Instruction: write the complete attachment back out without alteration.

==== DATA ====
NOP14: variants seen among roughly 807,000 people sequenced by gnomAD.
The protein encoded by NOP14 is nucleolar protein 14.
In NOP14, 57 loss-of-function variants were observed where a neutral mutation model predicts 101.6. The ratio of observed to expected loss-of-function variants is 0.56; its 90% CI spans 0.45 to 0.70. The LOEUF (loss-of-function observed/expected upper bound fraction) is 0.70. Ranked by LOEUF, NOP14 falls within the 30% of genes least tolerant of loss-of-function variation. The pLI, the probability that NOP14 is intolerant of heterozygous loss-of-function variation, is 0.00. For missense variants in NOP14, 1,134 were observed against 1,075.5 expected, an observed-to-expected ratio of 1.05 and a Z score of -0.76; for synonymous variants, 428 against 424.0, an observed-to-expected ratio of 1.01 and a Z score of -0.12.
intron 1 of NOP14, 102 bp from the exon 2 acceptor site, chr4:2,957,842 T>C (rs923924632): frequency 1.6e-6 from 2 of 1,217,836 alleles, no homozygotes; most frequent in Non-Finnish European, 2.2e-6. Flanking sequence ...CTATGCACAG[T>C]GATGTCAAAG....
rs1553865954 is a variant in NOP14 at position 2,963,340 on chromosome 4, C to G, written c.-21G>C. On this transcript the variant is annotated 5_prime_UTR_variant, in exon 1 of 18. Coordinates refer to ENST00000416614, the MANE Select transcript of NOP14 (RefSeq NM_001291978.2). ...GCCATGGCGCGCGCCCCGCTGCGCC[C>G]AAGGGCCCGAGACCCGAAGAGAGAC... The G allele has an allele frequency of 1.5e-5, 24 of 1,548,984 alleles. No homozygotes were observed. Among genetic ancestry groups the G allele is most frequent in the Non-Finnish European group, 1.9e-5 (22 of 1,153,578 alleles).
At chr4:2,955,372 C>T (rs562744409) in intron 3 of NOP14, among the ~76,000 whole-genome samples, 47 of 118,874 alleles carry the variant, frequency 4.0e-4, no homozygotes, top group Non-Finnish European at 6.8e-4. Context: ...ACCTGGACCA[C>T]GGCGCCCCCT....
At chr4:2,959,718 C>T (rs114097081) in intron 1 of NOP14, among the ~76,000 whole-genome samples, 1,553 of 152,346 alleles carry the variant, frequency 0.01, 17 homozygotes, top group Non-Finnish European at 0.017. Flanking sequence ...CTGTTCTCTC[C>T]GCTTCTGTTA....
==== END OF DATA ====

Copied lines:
NOP14: variants seen among roughly 807,000 people sequenced by gnomAD.
The protein encoded by NOP14 is nucleolar protein 14.
In NOP14, 57 loss-of-function variants were observed where a neutral mutation model predicts 101.6. The ratio of observed to expected loss-of-function variants is 0.56; its 90% CI spans 0.45 to 0.70. The LOEUF (loss-of-function observed/expected upper bound fraction) is 0.70. Ranked by LOEUF, NOP14 falls within the 30% of genes least tolerant of loss-of-function variation. The pLI, the probability that NOP14 is intolerant of heterozygous loss-of-function variation, is 0.00. For missense variants in NOP14, 1,134 were observed against 1,075.5 expected, an observed-to-expected ratio of 1.05 and a Z score of -0.76; for synonymous variants, 428 against 424.0, an observed-to-expected ratio of 1.01 and a Z score of -0.12.
intron 1 of NOP14, 102 bp from the exon 2 acceptor site, chr4:2,957,842 T>C (rs923924632): frequency 1.6e-6 from 2 of 1,217,836 alleles, no homozygotes; most frequent in Non-Finnish European, 2.2e-6. Flanking sequence ...CTATGCACAG[T>C]GATGTCAAAG....
rs1553865954 is a variant in NOP14 at position 2,963,340 on chromosome 4, C to G, written c.-21G>C. On this transcript the variant is annotated 5_prime_UTR_variant, in exon 1 of 18. Coordinates refer to ENST00000416614, the MANE Select transcript of NOP14 (RefSeq NM_001291978.2). ...GCCATGGCGCGCGCCCCGCTGCGCC[C>G]AAGGGCCCGAGACCCGAAGAGAGAC... The G allele has an allele frequency of 1.5e-5, 24 of 1,548,984 alleles. No homozygotes were observed. Among genetic ancestry groups the G allele is most frequent in the Non-Finnish European group, 1.9e-5 (22 of 1,153,578 alleles).
At chr4:2,955,372 C>T (rs562744409) in intron 3 of NOP14, among the ~76,000 whole-genome samples, 47 of 118,874 alleles carry the variant, frequency 4.0e-4, no homozygotes, top group Non-Finnish European at 6.8e-4. Context: ...ACCTGGACCA[C>T]GGCGCCCCCT....
At chr4:2,959,718 C>T (rs114097081) in intron 1 of NOP14, among the ~76,000 whole-genome samples, 1,553 of 152,346 alleles carry the variant, frequency 0.01, 17 homozygotes, top group Non-Finnish European at 0.017. Flanking sequence ...CTGTTCTCTC[C>T]GCTTCTGTTA....